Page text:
Alexa, The Amazon Echo, May Be The Key Witness To A Murder, And Amazon Is Refusing To Comply

The Amazon Echo may be a key witness to a murder.

The Amazon Echo may be a key witness to a murder.

Amazon Echo Device May Contain Recordings From Murder

Bentonville, Arkansas – Detectives in Bentonville, Arkansas are battling with Amazon to release information that may have been recorded during a murder in an Arkansas home in November of 2015.  Amazon’s stance appears much more extreme than Apple’s stance with the San Bernadino terrorist’s iPhone.

As initially reported by The Information, In November of 2015 after a night of drinking at the home of James Andrew Bates, Victor Collins was found dead in a hot tub.  Detectives have gone to great lengths to gather evidence on the case and have long believed that additional evidence may have been captured by Bates’ Amazon Echo device between November 21st and November 22nd.  The Amazon Echo is considered an ‘always-on’ device but is only ‘awakened’ by key words, like “Alexa.”  The Echo will sometimes turn on with similar sounding phrases during its passive recording if the sounds are similar to ‘wake words’ and detectives hope that some of what happened during the murder was captured on the device.

Amazon has twice declined to release any data recordings on the device, citing privacy.  Amazon does admit to storing all recordings to help improve it’s accuracy and service but does not have an official record of how long they keep such data.  There is no way for a consumer to turn off the data capture without unplugging the device.  Amazon did release parts of Bates’ account history to law enforcement but would not agree to release any voice recordings.  Detectives in this case have seized the device and were able to gather some information but it is unclear how much.  Local police have now served Amazon with a warrant demanding that any information they have be released.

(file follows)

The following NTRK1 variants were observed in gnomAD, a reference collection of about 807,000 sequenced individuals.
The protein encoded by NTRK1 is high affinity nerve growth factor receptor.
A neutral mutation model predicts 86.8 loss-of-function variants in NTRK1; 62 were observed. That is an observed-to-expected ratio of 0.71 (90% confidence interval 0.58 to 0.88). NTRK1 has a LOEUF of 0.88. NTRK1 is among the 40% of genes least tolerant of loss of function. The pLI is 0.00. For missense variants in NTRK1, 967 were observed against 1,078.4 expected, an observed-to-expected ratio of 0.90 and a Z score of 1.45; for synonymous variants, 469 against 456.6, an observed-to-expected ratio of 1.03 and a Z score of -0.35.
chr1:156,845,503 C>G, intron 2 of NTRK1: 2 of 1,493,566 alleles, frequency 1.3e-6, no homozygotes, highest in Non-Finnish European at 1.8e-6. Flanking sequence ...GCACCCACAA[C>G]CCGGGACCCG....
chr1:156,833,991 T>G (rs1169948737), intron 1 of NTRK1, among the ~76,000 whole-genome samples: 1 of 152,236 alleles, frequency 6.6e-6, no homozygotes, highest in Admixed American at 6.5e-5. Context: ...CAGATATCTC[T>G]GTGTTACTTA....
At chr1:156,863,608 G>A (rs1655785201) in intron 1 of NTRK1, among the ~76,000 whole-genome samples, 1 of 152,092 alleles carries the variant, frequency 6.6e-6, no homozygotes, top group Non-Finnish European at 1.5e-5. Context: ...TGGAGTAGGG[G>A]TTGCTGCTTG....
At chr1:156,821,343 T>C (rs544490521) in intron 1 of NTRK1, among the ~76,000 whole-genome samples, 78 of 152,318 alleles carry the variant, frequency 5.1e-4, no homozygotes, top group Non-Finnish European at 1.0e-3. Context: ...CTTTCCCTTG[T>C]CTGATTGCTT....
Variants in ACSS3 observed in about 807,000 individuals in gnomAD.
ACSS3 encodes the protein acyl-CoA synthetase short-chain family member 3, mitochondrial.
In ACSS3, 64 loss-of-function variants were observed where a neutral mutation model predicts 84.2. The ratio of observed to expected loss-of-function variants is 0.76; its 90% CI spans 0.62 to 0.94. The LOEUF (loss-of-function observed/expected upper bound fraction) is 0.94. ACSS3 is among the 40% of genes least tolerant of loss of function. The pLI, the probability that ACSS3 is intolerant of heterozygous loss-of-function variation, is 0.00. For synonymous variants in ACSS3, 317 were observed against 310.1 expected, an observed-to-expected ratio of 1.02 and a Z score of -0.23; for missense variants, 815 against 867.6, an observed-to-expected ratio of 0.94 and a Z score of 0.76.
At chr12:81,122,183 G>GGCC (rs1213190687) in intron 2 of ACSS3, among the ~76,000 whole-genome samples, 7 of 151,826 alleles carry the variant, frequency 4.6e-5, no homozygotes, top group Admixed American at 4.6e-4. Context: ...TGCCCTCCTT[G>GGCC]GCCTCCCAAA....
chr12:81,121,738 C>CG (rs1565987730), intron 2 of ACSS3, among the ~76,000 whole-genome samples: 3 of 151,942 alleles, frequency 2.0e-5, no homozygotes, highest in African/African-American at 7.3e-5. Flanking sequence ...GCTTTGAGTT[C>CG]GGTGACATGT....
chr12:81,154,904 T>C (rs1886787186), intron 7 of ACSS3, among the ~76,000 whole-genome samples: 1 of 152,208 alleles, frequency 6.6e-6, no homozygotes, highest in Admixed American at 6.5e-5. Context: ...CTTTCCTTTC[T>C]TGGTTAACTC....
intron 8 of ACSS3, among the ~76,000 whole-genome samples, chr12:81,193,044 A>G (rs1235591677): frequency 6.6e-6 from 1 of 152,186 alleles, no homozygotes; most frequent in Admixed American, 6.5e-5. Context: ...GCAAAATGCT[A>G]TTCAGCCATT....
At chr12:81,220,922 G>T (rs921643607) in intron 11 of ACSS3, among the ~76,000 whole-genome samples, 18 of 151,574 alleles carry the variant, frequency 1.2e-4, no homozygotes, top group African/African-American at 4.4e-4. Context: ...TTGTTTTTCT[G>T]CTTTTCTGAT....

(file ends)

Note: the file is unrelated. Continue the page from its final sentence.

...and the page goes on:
Bates’ defense attorney Kimberly Weber has adamantly fought against such measures.  “You have an expectation of privacy in your home, and I have a big problem that law enforcement can use the technology that advances our quality of life against us,” she said.  Major tech companies tend to agree.  Apple and now Amazon have taken wide spread criticism for refusing to release data after high profile incidents where their technology was present.  Tech giants take data security very seriously and see the release of such information as dangerous in the long run.  However, many agree that it wouldn’t be out of question for courts to compel the tech companies to release such data.

When Apple refused to unlock a terrorist’s iPhone, the case largely centered on the fact that a significant amount of engineering would be required to release the information. If Apple was compelled to unlock the phone, they would be requiring the company to do use a lot of resources to unlock the phone. Amazon, however, has easy access to the requested information. Amazon appears to have no compelling reason to refuse to provide the information requested in the warrant. Amazon argues that they object to “overbroad or otherwise inappropriate demands.” However, because the Echo is a personal household device, and there is a specific timeframe available, any claim that the request is overbroad seems unlikely to succeed in court. If Amazon continues this fight and precedent is set, it is likely to weaken privacy on personal electronics.

People do have an expectation of privacy on their electronic devices which is why a warrant was required and obtained. Amazon’s position appears to be unreasonable.

In this particular murder investigation, detectives uncovered other valuable information, including water meter logs.  The Bentonville Police have already discovered 140 gallons of water was released between 1 AM and 3 AM on the night Collins was found dead.  It is evidence, they say, of a cover-up to wash away evidence.  Bates is scheduled to begin trial at the beginning of the year, for first-degree murder.

Do you think that Amazon has a legitimate reason to decline to provide the information requested in the warrant? Let us know on our Facebook page or in the comments below.

Prices for the Amazon Echo devices vary, but they start as low as $49.99 on Amazon.